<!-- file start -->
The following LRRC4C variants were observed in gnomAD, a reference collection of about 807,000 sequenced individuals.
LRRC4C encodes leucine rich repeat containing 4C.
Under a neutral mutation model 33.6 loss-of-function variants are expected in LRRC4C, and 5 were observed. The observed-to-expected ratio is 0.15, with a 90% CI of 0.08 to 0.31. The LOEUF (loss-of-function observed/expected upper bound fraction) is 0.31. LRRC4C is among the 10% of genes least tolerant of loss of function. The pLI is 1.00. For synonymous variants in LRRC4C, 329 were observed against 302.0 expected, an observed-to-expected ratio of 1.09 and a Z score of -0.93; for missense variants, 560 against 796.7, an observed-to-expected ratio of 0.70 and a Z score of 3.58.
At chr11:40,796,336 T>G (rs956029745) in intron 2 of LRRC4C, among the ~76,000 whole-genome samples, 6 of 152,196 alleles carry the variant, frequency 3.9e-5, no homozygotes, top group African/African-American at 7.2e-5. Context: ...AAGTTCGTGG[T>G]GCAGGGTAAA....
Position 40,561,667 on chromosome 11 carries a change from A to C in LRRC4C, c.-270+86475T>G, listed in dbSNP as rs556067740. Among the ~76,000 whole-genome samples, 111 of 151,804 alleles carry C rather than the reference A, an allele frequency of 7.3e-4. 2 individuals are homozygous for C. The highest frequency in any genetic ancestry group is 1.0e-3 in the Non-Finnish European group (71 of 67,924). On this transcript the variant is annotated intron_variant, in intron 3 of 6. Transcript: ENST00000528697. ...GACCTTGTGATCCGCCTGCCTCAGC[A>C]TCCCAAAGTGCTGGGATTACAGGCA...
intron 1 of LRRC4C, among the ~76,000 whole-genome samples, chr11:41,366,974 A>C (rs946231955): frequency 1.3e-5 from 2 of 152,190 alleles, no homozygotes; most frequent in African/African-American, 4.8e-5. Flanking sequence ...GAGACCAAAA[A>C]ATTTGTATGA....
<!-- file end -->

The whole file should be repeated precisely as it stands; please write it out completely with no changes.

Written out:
The following LRRC4C variants were observed in gnomAD, a reference collection of about 807,000 sequenced individuals.
LRRC4C encodes leucine rich repeat containing 4C.
Under a neutral mutation model 33.6 loss-of-function variants are expected in LRRC4C, and 5 were observed. The observed-to-expected ratio is 0.15, with a 90% CI of 0.08 to 0.31. The LOEUF (loss-of-function observed/expected upper bound fraction) is 0.31. LRRC4C is among the 10% of genes least tolerant of loss of function. The pLI is 1.00. For synonymous variants in LRRC4C, 329 were observed against 302.0 expected, an observed-to-expected ratio of 1.09 and a Z score of -0.93; for missense variants, 560 against 796.7, an observed-to-expected ratio of 0.70 and a Z score of 3.58.
At chr11:40,796,336 T>G (rs956029745) in intron 2 of LRRC4C, among the ~76,000 whole-genome samples, 6 of 152,196 alleles carry the variant, frequency 3.9e-5, no homozygotes, top group African/African-American at 7.2e-5. Context: ...AAGTTCGTGG[T>G]GCAGGGTAAA....
Position 40,561,667 on chromosome 11 carries a change from A to C in LRRC4C, c.-270+86475T>G, listed in dbSNP as rs556067740. Among the ~76,000 whole-genome samples, 111 of 151,804 alleles carry C rather than the reference A, an allele frequency of 7.3e-4. 2 individuals are homozygous for C. The highest frequency in any genetic ancestry group is 1.0e-3 in the Non-Finnish European group (71 of 67,924). On this transcript the variant is annotated intron_variant, in intron 3 of 6. Transcript: ENST00000528697. ...GACCTTGTGATCCGCCTGCCTCAGC[A>C]TCCCAAAGTGCTGGGATTACAGGCA...
intron 1 of LRRC4C, among the ~76,000 whole-genome samples, chr11:41,366,974 A>C (rs946231955): frequency 1.3e-5 from 2 of 152,190 alleles, no homozygotes; most frequent in African/African-American, 4.8e-5. Flanking sequence ...GAGACCAAAA[A>C]ATTTGTATGA....